A Decade After Independence, KleinLife Thrives

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Six months to a year. That’s how long some gave KleinLife before it shut down for good.

But 10 years after becoming an independent organization, the center says it is not only surviving, but thriving.

President and CEO Andre Krug said things were in rough shape when KleinLife separated from the Jewish Community Centers of Greater Philadelphia on Sept. 1, 2009, but today the organization is financially stable, finishing its ninth year in a row with a surplus.


“It feels great, especially given the fact where we came from,” Krug said. “We were, frankly, at the brink of extinction in terms of our finances and the number of people in the building. Everything was down and gloomy. And we’ve managed to turn this agency around. The building right now is as busy as it’s ever been.”

KleinLife is the largest senior center in Philadelphia, providing a variety of social, cultural, therapeutic, fitness and nutrition services to thousands of underserved low-income seniors. The two-floor, 110,000-square-foot building in Northeast Philly sees more than 2,000 visitors on a daily basis for its wellness facilities, after-school programs, summer day camp, fitness classes and leagues, cultural programs and adult education classes. The center also hosts Jewish programs, with thousands in attendance for Shabbat and High Holiday services.

Originally named Klein JCC, it was founded in October 1975 by Raymond Klein and his wife Miriam, who provided the initial $1 million gift to establish it.

Their son, Stephen Klein, remembers the cold winter day all those years ago when his father drove the two out to a vacant lot. It was there he laid out the plans showing his vision across the car’s hood.

The center was created to serve the Northeast’s Jewish population, mostly second- and third-generation Americans. It later shifted gears to meet the needs of a number of Russian immigrants who moved to the area between the late ‘70s and early ‘90s.

Krug became its program director in 2000, then president and CEO in 2009. He said financial troubles were constant at the area’s JCCs then, but Klein JCC had it the worst. After the breakup of the JCC of Greater Philly, there was concern that Klein JCC would run out of money in six months and close shortly thereafter.

When Stephen Klein heard of the organization’s struggles he sprang into action.

“It was my mother and father’s great joy and so, when the opportunity came or need arose, it was my duty and pleasure to go up there and try to turn things around,” Stephen Klein said.

Today, he serves as chair of the board of directors. Krug said becoming independent allowed the organization to regroup and take advantage of additional resources. In 2013, Stephen Klein hosted a fundraiser for the center at his Center City home raising $300,000 from about 300 donors. In addition, then-Jewish Federation of Greater Philadelphia President Leonard Barrack presented him at the gala with a surprise $100,000 check. The one-time grant was made in conjunction with the Abramson Family Foundation.

Brian Gralnick is the director of Jewish Federation of Greater Philadelphia’s Center for Social Responsibility and has worked in collaboration with KleinLife for the past decade. He said there’s much to celebrate.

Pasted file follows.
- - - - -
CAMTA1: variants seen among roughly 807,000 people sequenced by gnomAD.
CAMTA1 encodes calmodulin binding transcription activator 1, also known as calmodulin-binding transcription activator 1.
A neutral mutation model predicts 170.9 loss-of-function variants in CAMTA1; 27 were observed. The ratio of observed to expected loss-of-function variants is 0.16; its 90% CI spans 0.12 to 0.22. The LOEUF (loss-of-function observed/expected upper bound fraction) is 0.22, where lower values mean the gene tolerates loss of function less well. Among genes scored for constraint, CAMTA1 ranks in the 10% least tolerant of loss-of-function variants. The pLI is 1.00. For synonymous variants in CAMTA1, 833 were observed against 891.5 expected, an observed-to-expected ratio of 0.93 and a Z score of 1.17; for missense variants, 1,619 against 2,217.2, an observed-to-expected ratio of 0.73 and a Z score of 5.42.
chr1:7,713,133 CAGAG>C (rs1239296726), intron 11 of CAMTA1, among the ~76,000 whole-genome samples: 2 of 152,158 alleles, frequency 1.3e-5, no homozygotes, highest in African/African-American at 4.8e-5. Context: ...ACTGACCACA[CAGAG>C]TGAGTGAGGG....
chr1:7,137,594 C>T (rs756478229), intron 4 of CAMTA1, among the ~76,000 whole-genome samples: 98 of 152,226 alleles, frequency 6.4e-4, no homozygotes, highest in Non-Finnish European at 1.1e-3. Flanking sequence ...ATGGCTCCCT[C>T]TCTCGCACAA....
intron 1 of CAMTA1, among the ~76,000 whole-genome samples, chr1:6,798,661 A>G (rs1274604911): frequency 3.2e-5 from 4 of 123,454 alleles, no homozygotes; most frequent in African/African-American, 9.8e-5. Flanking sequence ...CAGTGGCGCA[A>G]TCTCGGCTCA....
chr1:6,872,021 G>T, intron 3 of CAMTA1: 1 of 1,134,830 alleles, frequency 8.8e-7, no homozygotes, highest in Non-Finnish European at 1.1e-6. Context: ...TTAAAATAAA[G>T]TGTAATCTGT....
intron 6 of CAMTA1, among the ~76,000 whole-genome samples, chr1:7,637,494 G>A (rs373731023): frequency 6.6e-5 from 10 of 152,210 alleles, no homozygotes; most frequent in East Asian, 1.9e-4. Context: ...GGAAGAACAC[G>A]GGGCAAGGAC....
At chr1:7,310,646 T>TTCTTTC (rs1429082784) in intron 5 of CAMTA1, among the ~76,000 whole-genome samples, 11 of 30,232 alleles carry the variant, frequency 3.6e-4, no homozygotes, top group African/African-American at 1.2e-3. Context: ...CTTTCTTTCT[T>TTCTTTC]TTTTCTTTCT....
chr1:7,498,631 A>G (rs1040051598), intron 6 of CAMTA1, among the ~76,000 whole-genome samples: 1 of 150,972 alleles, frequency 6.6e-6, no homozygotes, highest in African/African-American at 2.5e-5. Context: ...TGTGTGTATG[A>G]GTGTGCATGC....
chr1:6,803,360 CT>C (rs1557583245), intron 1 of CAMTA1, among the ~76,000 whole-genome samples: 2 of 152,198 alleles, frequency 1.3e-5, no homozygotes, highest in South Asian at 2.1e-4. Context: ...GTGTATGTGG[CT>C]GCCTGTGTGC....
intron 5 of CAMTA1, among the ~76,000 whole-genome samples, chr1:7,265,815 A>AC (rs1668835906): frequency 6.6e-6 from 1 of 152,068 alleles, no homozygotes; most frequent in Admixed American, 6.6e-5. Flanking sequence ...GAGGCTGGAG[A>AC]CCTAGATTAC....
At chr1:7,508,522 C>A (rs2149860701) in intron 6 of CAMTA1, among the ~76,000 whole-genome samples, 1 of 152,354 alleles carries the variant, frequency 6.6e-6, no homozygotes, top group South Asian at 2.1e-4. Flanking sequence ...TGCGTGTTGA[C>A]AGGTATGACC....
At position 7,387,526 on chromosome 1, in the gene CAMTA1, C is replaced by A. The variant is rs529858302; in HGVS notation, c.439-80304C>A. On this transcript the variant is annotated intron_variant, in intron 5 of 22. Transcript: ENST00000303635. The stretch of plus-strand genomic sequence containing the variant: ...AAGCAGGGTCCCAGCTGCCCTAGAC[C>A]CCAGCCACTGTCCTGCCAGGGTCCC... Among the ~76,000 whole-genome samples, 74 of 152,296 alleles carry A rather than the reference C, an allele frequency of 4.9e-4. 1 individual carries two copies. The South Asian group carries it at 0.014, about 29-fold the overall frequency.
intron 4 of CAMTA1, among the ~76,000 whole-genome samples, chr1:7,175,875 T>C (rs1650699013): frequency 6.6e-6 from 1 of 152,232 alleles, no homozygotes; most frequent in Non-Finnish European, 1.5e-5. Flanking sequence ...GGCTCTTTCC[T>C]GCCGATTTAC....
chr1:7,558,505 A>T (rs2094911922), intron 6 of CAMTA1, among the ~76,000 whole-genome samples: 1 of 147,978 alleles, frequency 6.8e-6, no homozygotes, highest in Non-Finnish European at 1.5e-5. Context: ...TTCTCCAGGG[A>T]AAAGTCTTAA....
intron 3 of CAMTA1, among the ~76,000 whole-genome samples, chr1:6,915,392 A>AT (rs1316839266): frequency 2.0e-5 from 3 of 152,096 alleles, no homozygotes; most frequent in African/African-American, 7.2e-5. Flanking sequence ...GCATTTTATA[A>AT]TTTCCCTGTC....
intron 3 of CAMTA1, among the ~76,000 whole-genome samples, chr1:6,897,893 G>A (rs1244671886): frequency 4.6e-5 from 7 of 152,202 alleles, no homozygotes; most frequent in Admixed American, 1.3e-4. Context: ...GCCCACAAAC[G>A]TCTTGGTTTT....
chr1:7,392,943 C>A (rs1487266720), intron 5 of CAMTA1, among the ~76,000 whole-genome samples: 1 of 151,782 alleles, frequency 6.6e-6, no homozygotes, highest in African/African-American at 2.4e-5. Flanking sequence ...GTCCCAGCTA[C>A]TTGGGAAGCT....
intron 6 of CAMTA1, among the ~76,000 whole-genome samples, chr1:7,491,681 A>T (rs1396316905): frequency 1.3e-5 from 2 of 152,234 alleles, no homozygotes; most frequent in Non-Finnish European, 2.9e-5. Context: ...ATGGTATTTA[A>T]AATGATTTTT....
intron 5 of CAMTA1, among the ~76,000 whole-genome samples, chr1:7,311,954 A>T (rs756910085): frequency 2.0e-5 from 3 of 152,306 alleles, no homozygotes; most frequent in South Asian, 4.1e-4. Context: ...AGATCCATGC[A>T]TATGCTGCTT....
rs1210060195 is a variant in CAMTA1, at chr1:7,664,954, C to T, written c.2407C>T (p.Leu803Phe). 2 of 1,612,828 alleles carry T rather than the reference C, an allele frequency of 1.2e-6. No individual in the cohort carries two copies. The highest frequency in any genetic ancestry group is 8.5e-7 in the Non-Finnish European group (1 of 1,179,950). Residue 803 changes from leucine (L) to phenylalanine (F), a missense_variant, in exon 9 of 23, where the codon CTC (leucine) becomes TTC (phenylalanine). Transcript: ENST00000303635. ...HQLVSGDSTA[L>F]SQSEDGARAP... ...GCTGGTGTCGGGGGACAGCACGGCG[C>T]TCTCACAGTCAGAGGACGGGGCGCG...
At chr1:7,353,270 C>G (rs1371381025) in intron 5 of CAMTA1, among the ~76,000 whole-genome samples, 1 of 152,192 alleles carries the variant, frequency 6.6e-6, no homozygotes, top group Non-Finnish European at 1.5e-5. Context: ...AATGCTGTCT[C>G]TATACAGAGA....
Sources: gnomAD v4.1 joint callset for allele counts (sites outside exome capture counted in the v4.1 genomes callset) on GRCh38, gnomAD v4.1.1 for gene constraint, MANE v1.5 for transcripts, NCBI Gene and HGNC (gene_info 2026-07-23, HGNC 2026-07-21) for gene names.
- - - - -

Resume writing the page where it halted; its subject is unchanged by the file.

Over the years, the facility has continued to expand. KleinLife recently embarked on a $3 million capital campaign project to make improvements to its theater, parking lot, lighting system, lobby, roof, pool area, fitness center and lunch room.

“Andre, to his credit, and to the board’s credit, has done a great job of bringing different resources that older adults and people in the Northeast Philadelphia neighborhoods could need in a one-stop shop,” Gralnick said. “There’s just so much there in terms of resources that Andre and everyone has brought there. There wasn’t a dentist’s office. There wasn’t physical therapy. There wasn’t a Russian-Hebrew school, which is another great gem that Andre created. So there’s just so much more programs and services.”

In 2015, Klein JCC rebranded itself as KleinLife, and today operates satellite branches in Rhawnhurst, Center City and Elkins Park. The center will commemorate its 45th anniversary next year and host a celebration sometime in fall 2020.

“My mother and father were so enthusiastic to undertake this project in 1975,” Stephen Klein said. “Today, they’d be very proud of the kinds of services and programming that we’re providing, well beyond what they ever contemplated.”

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1 COMMENT

  1. Wow! You really shook me up with this article. Her is why: I was a member of the JCC in Van Nuys, CA when the USSR Jews were in great trouble. At a Pourim “festival” youth set up a boot to help USSR Jews. Going around from boot to boot suddenly that boot was gone! I was told that the management closed it. I went on stage holding the microphone I told them my dismay and how Jews are “arevim ze laze” (We have to care for one another) That has been forever the case in Europe. The screams I heard were unbelievable! “Cut the mic!” The reason they shut the boot was even more terrible! “It is political.” I was confronted with the attitude of Jews in the USA about the Jews “Over there” repeating itself, this time for the Soviet Jews needing to escape the USSR. I left the center never to set foot in another so called “Jewish Center.” Maybe I will visit this one after all.

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